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treatment andivil so on. i have to say in the large, they have gotten it and they have gotten it throughout my long career. i have been confirmed twice. i have been through the process. it is an arduous process. that is where the constitution works. i do not have any problem with that. people expect public officials to have undergone scrutiny and wayomport themselves in a that would make people proud. i'm ok with that. it does get hard late in an administration to get people to be willing to walk down that road, so, in that sense, it becomes an issue. at the same time i got to say we have a pretty deep ranch so much as i want our people and appeal to the senate, to move our people forward, we have a lot of good people and we are going to keep doing our work, and i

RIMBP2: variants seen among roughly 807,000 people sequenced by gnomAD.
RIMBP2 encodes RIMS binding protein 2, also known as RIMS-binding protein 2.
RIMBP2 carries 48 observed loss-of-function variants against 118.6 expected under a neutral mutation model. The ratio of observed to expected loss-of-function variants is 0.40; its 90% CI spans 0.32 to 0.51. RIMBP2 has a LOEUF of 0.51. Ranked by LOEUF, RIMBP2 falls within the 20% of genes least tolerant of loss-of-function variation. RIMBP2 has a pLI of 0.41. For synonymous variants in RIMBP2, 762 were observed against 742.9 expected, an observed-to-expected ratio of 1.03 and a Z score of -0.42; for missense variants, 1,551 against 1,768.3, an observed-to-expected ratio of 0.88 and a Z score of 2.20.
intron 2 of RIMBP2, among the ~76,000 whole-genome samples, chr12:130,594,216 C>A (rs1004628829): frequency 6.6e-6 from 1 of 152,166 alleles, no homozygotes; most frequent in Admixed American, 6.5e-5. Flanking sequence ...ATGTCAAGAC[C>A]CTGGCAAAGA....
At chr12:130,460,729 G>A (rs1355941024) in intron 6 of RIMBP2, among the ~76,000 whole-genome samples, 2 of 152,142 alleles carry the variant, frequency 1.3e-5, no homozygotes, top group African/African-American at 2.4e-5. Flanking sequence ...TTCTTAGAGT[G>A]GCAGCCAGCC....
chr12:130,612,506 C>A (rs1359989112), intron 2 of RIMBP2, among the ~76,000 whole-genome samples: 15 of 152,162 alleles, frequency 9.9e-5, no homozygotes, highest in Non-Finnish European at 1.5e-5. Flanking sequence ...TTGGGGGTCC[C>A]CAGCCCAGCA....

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should say also in military nominations, same thing. in general, we have gotten very, and speedyreatment treatment, that is essential as well. >> when you say it has become particularly uncivil, you use the word uncivil in some cases. mr. carter: there are always ones in which there are issues and debates that go on. i would not say uncivil. i think that as i said, i understand the role of the senate, and respect the role of the senate, that is the way our system works. the best i can do is put together, put forth really good people and back them up and help them get through this process. >> something you have been able to do partly by coincidence, the accident of the calendar, career cycles, you have had the you havety to appoint named an unusual number of leaders of the uniformed service